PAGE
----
Monday, July 9, 2012


Ćwikła is a Polish salad or relish made with cooked grated beets and grated horseradish.

Saturday, July 7, 2012

Forelle Blau

Forelle Blau, or "blue trout" gets its name from the trout's blueish hue when you douse the fish in hot vinegar.

It's very simple. First prepare a stock from onion, black pepper, salt, bay leaf, juniper berry and assorted green "soup" vegetables (I just had onion).

Boil the stock for 30 minutes.

In the meantime heat 250 ml of vinegar. Just plain vinegar or white wine vinegar.

When the vinegar boils, pour it over the trout. The trout can be washed, but the slimy outside layer should be still intact. It's the slime which turns blue. Lightly salt the trout on the inside.

Then slide the trout and vinegar in the stock and let it simmer for 15 minutes on a very low fire.

Serve with potatoes, green vegetables and Meerrettich Sahne (horseradish cream).

Meerrettich Sahne

Horseradish cream; it's a cold sauce, perfect for trout.

Grate some fresh horseradish root. You need about 4 tablespoons.

Mix the grated horseradish with 150 ml soured cream or crème fraîche. Add 2 tablespoons lemon juice, black pepper and salt. Mix well and keep in the fridge for one hour before serving.


Tafelspitz is the German word for a certain cut of beef, from a young ox. It's located at the hip of the ox. It's also know as Schwanzstück (technically Tafelspitz is only a small part of the Schwanzstück) or tri-tip (in the United States), although when I read the tri-tip Wikipedia entry this seems a different part of beef: Bottom Sirloin. It's all very confusing.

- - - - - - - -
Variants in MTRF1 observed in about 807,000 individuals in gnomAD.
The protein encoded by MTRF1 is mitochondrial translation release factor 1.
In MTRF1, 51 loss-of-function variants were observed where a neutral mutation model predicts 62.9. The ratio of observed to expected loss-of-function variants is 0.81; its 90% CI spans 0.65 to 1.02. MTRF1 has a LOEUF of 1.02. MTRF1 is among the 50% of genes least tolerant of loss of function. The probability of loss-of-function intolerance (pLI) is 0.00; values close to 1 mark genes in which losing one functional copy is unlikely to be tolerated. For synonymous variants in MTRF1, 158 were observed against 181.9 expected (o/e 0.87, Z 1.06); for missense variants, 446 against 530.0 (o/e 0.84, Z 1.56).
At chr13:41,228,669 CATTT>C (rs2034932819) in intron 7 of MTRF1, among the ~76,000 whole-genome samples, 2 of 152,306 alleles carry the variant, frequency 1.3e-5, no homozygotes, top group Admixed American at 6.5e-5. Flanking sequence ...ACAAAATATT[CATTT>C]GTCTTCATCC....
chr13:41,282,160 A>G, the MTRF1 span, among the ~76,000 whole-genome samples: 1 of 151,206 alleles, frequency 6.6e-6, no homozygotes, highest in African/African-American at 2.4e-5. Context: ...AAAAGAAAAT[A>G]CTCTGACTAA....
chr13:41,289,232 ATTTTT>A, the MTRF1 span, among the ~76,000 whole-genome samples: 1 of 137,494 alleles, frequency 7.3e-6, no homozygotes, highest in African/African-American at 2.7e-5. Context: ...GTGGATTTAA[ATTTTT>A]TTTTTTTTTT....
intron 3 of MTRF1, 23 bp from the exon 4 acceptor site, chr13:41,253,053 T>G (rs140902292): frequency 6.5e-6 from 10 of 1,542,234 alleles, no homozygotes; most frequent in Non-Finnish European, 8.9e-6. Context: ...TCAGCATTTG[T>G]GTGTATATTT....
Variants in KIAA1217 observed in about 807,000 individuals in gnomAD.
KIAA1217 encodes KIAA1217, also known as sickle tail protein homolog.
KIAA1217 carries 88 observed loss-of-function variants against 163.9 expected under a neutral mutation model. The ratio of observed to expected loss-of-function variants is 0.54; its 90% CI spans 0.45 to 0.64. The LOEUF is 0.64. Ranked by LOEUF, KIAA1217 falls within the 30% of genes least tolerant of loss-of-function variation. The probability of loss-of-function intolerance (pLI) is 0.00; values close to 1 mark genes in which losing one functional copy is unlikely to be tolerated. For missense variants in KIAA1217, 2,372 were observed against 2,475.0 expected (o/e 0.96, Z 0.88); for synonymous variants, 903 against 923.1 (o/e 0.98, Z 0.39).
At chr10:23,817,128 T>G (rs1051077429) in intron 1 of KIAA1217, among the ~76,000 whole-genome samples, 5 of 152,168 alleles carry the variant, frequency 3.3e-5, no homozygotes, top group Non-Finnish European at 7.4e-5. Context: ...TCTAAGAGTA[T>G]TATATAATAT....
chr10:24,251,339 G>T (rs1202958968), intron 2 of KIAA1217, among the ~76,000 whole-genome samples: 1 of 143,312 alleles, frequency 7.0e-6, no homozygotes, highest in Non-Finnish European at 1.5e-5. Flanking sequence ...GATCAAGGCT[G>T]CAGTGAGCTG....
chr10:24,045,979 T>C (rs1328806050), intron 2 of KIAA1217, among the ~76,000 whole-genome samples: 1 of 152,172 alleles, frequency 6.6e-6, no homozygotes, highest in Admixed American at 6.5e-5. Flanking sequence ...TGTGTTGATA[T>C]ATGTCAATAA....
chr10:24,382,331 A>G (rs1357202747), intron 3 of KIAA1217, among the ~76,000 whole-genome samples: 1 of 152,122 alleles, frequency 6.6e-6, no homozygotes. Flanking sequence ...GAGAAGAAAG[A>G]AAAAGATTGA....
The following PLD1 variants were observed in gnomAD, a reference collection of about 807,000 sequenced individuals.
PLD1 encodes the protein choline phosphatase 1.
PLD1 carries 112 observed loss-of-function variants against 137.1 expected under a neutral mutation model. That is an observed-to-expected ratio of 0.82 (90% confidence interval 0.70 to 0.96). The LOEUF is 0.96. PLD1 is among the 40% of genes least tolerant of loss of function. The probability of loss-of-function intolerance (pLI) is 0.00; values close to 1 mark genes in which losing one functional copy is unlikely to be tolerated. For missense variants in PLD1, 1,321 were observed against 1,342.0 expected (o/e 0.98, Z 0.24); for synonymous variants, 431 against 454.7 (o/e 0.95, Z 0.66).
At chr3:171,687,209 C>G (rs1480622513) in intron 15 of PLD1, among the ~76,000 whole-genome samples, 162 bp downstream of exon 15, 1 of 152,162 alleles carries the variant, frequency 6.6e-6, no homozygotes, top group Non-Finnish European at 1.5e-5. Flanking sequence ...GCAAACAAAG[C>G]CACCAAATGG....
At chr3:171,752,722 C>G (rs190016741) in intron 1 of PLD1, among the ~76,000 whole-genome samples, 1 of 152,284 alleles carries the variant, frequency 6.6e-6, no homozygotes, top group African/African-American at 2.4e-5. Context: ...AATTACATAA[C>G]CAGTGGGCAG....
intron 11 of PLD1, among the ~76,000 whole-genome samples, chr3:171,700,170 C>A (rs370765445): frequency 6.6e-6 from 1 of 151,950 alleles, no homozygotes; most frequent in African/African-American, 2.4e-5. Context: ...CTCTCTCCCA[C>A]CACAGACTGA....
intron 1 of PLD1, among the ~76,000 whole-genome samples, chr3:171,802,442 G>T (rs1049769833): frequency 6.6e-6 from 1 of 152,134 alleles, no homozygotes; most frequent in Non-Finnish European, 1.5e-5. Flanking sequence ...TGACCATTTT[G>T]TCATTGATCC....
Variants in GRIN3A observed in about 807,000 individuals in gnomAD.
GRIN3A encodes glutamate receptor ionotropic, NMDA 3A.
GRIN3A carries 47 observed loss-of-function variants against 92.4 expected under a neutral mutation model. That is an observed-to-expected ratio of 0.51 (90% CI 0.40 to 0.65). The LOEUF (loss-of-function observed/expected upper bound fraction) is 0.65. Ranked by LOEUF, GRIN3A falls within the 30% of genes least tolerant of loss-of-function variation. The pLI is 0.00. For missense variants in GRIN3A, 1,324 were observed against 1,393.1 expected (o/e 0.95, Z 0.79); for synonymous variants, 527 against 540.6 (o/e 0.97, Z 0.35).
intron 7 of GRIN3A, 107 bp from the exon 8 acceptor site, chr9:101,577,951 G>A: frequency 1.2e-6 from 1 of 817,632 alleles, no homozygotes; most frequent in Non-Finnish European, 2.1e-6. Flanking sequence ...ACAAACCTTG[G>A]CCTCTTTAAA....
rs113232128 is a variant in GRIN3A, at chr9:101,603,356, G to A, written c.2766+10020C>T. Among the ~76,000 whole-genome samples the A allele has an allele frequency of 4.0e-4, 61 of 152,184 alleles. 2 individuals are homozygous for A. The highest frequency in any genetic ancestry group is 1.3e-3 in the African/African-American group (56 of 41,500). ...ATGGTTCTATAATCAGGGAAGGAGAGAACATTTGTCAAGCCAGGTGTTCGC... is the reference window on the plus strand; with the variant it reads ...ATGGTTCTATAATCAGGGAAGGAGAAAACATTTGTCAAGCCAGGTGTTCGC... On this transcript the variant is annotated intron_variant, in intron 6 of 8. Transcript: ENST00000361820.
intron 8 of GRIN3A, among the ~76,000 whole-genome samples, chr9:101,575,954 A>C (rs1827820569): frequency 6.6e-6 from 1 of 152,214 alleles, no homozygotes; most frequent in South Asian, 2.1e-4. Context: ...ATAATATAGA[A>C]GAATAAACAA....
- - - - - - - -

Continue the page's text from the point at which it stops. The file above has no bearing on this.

Tafelspitz cut:

Tafelspitz is also the word of a typical Austrian dish. Franz Joseph I, Emperor of Austria, was a great lover of Tafelspitz.

I went to my local butcher not knowing the Dutch name for Tafelspitz. I asked for a cut of the hip of an ox, and told him I wanted to simmer the meat in stock. There was some confusion on part of the butcher; he didn't seem to know what I wanted. Then he told me to get entrecôte. I don't buy meat often enough to know which cut an entrecôte is, so I bought it believing my butcher knew best and went home. Then I discovered entrecôte is a cut from the rib, not the hip or tail.

It still don't know the Dutch word for Tafelspitz. Take a pick! It seems the Dutch never boil beef but always fry it.

Wrong meat?

I went ahead and simmered my expensive piece of entrecôte in 2 liters of water, onion, leek, salt, black pepper, bay leaf and cloves.

First boil the water, turn down the heat, then add the meat. Simmer for 90 minutes on low heat. The water shouldn't boil.

Serve with potatoes, boiled vegetables and Töginger Meerrettichsauce.

Töginger Meerrettichsauce

A simple but very effective sauce made from fresh horseradish root.

It's based on butter, flower and beef stock.

10 cm fresh horseradish root (finely grated).
1 tablespoon butter
1 tablespoon flower
1 tablespoon breadcrumbs
250 ml beef stock.
a dash of cream

Melt the butter in a sauce pan. Add flower, breadcrumbs, beef stock and horseradish and whisk. Add salt and cream.

Don't use commercial stock, otherwise the sauce will be too salty.

Packed in foil fresh horseradish will stay fresh for a couple of weeks if kept cold.

Serve on cooked beef, like Tafelspitz.